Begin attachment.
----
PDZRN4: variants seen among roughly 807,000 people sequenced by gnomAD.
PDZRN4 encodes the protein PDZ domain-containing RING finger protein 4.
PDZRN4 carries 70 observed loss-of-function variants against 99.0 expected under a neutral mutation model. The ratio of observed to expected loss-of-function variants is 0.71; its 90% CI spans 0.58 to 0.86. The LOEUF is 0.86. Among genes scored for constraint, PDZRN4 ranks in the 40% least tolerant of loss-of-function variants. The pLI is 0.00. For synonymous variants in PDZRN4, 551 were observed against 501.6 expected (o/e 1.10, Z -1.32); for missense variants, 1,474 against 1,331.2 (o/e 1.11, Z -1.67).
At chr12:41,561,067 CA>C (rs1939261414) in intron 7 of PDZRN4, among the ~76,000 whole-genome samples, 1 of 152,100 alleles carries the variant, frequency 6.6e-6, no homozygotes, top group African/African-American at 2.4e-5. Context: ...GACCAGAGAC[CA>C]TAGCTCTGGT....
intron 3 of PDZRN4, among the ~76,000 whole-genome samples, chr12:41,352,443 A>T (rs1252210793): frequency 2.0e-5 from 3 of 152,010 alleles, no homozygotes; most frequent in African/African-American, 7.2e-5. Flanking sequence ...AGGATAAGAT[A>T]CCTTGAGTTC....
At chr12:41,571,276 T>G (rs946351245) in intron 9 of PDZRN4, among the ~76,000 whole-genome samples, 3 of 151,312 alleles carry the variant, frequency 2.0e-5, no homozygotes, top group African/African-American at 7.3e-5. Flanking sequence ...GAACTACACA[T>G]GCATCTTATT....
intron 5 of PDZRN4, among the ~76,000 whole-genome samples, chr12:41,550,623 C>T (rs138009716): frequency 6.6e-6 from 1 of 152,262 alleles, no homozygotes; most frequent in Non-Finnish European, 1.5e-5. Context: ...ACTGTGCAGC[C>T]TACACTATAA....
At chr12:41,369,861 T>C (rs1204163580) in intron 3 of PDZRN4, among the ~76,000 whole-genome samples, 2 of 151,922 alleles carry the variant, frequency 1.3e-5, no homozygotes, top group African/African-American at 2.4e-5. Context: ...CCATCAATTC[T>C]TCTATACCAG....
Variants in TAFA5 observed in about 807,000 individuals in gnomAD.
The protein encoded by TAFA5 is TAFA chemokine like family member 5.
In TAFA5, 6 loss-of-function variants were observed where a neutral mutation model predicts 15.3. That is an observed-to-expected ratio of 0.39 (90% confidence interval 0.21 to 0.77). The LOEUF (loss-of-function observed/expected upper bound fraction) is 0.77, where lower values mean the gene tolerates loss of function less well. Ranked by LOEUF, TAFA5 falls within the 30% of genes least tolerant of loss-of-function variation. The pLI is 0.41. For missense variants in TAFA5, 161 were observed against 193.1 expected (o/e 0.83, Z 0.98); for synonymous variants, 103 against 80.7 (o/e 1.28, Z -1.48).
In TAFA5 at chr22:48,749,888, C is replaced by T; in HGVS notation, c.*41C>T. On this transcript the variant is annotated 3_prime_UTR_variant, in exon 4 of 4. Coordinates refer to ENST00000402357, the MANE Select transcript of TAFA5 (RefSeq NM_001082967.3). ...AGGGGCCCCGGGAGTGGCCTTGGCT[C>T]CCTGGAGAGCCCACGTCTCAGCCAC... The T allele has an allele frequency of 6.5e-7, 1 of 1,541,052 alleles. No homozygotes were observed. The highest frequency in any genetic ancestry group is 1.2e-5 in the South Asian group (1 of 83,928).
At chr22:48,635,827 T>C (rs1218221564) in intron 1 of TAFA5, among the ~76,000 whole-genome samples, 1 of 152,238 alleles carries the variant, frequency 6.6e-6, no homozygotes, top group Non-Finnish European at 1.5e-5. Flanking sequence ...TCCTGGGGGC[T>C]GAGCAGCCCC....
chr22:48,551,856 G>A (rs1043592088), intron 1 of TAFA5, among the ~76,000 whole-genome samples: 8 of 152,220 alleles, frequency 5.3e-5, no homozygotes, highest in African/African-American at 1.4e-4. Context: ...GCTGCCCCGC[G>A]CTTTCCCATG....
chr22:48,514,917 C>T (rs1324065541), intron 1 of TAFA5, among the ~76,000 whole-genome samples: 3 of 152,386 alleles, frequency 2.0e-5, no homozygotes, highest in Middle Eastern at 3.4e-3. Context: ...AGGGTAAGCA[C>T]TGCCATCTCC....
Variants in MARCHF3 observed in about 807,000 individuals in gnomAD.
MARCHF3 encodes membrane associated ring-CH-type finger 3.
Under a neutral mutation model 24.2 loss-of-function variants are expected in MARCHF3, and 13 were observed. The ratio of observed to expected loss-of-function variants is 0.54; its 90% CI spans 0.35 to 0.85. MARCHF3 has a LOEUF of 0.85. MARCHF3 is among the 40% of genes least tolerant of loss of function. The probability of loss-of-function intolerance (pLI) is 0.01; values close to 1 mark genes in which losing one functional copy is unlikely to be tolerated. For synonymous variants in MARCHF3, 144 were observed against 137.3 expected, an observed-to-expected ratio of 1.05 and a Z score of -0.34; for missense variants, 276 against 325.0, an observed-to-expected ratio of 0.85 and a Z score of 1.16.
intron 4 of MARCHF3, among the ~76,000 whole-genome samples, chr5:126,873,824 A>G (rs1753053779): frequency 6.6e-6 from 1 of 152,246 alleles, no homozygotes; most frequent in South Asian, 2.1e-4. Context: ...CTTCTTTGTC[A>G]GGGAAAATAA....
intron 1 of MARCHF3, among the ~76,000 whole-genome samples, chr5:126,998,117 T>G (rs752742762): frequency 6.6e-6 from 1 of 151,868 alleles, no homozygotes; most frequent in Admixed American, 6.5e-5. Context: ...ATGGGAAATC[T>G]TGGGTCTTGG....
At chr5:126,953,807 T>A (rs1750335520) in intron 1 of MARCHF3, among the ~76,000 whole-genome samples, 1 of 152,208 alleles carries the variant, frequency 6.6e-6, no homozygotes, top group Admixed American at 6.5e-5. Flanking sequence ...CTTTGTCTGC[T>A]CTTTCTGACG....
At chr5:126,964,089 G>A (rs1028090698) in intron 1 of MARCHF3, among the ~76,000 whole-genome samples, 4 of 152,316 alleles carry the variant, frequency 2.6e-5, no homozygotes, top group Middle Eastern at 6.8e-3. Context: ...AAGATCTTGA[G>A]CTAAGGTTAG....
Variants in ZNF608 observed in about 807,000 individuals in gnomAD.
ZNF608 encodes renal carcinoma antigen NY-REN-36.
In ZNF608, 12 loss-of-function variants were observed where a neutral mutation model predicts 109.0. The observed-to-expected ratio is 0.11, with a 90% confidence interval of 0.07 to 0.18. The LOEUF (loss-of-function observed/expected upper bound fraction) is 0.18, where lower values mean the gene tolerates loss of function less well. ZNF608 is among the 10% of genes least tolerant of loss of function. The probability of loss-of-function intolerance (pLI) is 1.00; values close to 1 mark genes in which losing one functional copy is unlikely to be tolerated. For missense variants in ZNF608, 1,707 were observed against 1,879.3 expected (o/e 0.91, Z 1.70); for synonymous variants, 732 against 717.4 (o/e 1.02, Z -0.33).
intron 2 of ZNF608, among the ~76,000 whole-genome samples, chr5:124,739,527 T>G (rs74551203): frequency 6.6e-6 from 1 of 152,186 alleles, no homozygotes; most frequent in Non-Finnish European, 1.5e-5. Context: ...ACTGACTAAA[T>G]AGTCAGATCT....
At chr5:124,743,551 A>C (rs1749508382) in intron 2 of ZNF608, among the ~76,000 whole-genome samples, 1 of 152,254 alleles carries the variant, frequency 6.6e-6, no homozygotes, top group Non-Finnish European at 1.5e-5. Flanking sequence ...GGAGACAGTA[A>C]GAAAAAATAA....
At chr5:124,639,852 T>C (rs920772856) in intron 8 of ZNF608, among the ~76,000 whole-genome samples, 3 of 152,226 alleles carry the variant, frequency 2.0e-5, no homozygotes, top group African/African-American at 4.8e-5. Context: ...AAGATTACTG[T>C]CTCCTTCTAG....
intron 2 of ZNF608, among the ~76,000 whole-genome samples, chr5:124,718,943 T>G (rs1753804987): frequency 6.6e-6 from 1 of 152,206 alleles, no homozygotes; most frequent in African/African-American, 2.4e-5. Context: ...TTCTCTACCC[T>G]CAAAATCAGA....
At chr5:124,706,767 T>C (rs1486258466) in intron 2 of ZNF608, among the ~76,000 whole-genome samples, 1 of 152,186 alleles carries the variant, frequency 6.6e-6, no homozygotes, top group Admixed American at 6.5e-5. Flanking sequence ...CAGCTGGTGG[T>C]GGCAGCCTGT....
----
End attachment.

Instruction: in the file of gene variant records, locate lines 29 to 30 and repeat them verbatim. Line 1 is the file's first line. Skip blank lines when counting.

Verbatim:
intron 2 of ZNF608, among the ~76,000 whole-genome samples, chr5:124,718,943 T>G (rs1753804987): frequency 6.6e-6 from 1 of 152,206 alleles, no homozygotes; most frequent in African/African-American, 2.4e-5. Context: ...TTCTCTACCC[T>G]CAAAATCAGA....
At chr5:124,706,767 T>C (rs1486258466) in intron 2 of ZNF608, among the ~76,000 whole-genome samples, 1 of 152,186 alleles carries the variant, frequency 6.6e-6, no homozygotes, top group Admixed American at 6.5e-5. Flanking sequence ...CAGCTGGTGG[T>C]GGCAGCCTGT....